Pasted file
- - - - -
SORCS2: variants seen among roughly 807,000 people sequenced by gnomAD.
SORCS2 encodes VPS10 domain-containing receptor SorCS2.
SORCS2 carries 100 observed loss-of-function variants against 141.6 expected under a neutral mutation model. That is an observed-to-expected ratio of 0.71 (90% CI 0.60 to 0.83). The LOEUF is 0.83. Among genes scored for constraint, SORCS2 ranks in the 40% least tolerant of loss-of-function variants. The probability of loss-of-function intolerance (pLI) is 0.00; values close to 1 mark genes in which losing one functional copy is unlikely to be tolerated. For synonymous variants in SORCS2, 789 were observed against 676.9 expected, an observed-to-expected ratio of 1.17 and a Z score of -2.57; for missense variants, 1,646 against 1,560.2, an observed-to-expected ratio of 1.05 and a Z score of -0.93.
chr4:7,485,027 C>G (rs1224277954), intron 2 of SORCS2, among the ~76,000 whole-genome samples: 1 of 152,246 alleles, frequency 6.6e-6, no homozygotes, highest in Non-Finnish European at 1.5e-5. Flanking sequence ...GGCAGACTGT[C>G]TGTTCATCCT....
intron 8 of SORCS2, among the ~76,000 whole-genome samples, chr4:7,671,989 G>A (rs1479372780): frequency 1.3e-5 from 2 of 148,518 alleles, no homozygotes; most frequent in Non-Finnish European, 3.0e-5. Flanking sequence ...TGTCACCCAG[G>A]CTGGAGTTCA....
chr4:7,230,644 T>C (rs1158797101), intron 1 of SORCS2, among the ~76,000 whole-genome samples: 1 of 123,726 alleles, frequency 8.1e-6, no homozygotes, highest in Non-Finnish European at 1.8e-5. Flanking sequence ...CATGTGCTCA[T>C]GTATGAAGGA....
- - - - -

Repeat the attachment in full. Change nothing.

SORCS2: variants seen among roughly 807,000 people sequenced by gnomAD.
SORCS2 encodes VPS10 domain-containing receptor SorCS2.
SORCS2 carries 100 observed loss-of-function variants against 141.6 expected under a neutral mutation model. That is an observed-to-expected ratio of 0.71 (90% CI 0.60 to 0.83). The LOEUF is 0.83. Among genes scored for constraint, SORCS2 ranks in the 40% least tolerant of loss-of-function variants. The probability of loss-of-function intolerance (pLI) is 0.00; values close to 1 mark genes in which losing one functional copy is unlikely to be tolerated. For synonymous variants in SORCS2, 789 were observed against 676.9 expected, an observed-to-expected ratio of 1.17 and a Z score of -2.57; for missense variants, 1,646 against 1,560.2, an observed-to-expected ratio of 1.05 and a Z score of -0.93.
chr4:7,485,027 C>G (rs1224277954), intron 2 of SORCS2, among the ~76,000 whole-genome samples: 1 of 152,246 alleles, frequency 6.6e-6, no homozygotes, highest in Non-Finnish European at 1.5e-5. Flanking sequence ...GGCAGACTGT[C>G]TGTTCATCCT....
intron 8 of SORCS2, among the ~76,000 whole-genome samples, chr4:7,671,989 G>A (rs1479372780): frequency 1.3e-5 from 2 of 148,518 alleles, no homozygotes; most frequent in Non-Finnish European, 3.0e-5. Flanking sequence ...TGTCACCCAG[G>A]CTGGAGTTCA....
chr4:7,230,644 T>C (rs1158797101), intron 1 of SORCS2, among the ~76,000 whole-genome samples: 1 of 123,726 alleles, frequency 8.1e-6, no homozygotes, highest in Non-Finnish European at 1.8e-5. Flanking sequence ...CATGTGCTCA[T>C]GTATGAAGGA....